# February 9 th, 2010 Psychology 485.  Introduction Different levels of numerical competence, Why learn?  How are numbers learned and processed?  What.

## Presentation on theme: "February 9 th, 2010 Psychology 485.  Introduction Different levels of numerical competence, Why learn?  How are numbers learned and processed?  What."— Presentation transcript:

February 9 th, 2010 Psychology 485

 Introduction Different levels of numerical competence, Why learn?  How are numbers learned and processed?  What is learned?

 Clever Hans  Oskar Pfungst Showed Clever Hans was responding to subtle cues

 Different levels of competence Numerosity Discriminations Counting Understanding number as a concept  Arithmetic

 More or Less  Obvious advantages The more resources the better OR

 Each item in a set is ‘tagged’  Final ‘tag’ is cardinal number of the set  Numerons (tags) don’t need to be in any language  Why count? Keep track of offspring, kin, predators, social hierarchies

 Abstract concept e.g. Having a concept of the number 8:  “eightness” is a property of all sets with eight items  Understand the mathematical properties of number 8 is:  the sum of 7 and 1  the sum of 5 and 3  the product of 2 and 4

 Subitizing Rapid, accurate and confident judgements of number Set sizes 1 to 4  Counting or Estimating Increased time, or decreased accuracy for set sizes greater than 4 Amount of time needed increase per item  Demo Demo

 Object-file system a separate “file” for each item Immediate representation of number of “occupied” files Limited capacity Good for small sets Explains subitizing

 Analog-Magnitude system Number is represented by a physical magnitude that is proportional to the number of individuals in the set Accumulator (pulse generator)

 Analog-Magnitude system Discriminability is proportional to ratio Easy to discriminate  1 vs 2  3 vs 8 Harder to discriminate  7 vs 8  15 vs 16 Consistent with Weber‘s law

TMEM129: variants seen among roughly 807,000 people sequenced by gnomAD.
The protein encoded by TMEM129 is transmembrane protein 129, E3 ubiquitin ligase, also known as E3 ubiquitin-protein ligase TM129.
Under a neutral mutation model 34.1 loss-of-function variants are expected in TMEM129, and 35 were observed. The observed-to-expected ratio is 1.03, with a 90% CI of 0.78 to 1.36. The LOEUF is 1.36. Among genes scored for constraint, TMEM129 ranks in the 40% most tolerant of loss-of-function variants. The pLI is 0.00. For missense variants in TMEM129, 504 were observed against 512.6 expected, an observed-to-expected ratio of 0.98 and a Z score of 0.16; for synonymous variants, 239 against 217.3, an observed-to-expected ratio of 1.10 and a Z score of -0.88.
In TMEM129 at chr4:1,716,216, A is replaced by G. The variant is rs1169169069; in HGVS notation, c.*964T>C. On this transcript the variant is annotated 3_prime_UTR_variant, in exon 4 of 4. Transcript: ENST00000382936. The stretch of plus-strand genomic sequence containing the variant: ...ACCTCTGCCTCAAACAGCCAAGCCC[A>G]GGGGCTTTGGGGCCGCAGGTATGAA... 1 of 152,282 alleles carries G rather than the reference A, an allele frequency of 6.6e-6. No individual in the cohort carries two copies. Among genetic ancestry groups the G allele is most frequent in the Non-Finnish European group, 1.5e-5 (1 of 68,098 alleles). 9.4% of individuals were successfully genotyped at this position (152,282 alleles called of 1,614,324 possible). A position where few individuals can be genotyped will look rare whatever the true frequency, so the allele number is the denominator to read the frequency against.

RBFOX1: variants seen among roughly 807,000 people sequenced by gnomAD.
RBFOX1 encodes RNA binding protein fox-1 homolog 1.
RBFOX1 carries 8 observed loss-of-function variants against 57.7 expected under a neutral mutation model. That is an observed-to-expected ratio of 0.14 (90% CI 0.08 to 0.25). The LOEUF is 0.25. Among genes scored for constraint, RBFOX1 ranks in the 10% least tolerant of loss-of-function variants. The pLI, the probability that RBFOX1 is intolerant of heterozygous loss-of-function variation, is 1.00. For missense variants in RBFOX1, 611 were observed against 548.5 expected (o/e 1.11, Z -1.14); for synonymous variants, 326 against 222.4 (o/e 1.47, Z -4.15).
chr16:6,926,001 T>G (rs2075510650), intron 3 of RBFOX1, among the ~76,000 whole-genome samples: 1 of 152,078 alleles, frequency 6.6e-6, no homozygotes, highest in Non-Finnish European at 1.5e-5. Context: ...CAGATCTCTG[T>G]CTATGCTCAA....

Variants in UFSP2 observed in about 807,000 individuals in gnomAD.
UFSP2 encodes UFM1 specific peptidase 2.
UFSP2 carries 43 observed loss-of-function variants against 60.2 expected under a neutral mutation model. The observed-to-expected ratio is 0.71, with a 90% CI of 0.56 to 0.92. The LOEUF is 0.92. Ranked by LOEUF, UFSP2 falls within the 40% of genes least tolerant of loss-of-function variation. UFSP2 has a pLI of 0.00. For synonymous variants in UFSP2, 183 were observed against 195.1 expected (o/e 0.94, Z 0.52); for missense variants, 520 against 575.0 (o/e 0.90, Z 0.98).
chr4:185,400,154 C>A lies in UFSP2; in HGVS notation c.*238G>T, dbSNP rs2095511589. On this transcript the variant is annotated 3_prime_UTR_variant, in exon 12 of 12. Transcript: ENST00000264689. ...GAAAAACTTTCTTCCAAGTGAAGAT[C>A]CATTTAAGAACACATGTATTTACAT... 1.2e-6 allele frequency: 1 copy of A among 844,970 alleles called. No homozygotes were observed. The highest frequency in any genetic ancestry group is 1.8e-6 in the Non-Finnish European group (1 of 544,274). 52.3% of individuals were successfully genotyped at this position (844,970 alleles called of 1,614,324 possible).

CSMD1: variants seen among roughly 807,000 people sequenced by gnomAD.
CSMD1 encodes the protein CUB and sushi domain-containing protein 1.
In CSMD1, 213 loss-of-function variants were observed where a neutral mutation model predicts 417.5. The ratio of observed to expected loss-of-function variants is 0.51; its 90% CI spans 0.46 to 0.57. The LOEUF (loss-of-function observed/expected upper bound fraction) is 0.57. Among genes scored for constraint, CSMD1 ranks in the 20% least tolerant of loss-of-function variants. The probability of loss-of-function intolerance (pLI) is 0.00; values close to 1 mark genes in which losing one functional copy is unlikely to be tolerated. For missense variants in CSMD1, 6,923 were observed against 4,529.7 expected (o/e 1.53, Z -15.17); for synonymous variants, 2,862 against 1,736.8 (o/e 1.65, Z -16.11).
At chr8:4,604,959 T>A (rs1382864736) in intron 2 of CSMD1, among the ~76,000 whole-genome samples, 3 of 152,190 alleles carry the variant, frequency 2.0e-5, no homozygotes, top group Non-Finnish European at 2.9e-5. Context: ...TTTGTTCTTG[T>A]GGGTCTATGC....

 Scalar Expectancy Theory Pacemaker (Pulse Generator) Accumulator Working Memory Reference Memory Ratio Comparator Decision or Response

 Meck & Church (1983)  Rats trained to: Press one lever after 2 x 1-second tone pulses Press another lever after 8 x 1-second pulses  Total duration and number are redundant cues  Test for control by time and number

 Control by number Present 2 or 8 pulses over span of 4 seconds  Control by time Present 4 pulses in 2 or 8 second span

 Time and number controlled response equally  Equal responding at geometric mean (not arithmetic)  Time and number processed simultaneously Cognitive economy/simplicity Less mechanisms to be “built in”

 Many species have been shown to make more/less discriminations  Can be difficult to study Many confounds (time, surface area, volume, etc)

 Sequential (not simultaneous) numerosity discriminations Shows animals “keeping track” of values  Capaldi and colleagues Trained rats with patterns of reward/no reward at end of runway  NRRN or RRN – count to 2  Rats run fast for reward, slowly for no reward

 Children don’t usually understand concept of “zero” until 3 or 4 years old  Can be difficult to teach  In animals Alex, the African Grey Parrot Ai, chimpanzee

 Was taught the term “none” to compare size Presented with 2 blocks that are same size Asked “which block larger?” Taught to say “none”  Spontaneously transferred “none” to numerosities Presented with 3 sets: 2, 3, 6 Asked which set contained 5 blocks Answered “none”  Further tests showed he applied term to absence of quantity Shown empty tray, asked “How many?”

 Taught arabic number symbols  Shown numbers 0, 1, 4, 7, 9 Asked to select the lowest number Chooses zero  Can match number of dots on screen to arabic numeral Shown three dots, will select symbol “3” Shown no dots, will select symbol “0”

 Expectancy Violation method Non-verbal method Good for children & animals ?

 Method used with dogs, children, monkeys  Look longer at unexpected outcomes 1 + 1 = 3 or 1 + 1 = 1  Expected outcomes are “boring”

Download ppt "February 9 th, 2010 Psychology 485.  Introduction Different levels of numerical competence, Why learn?  How are numbers learned and processed?  What."

Similar presentations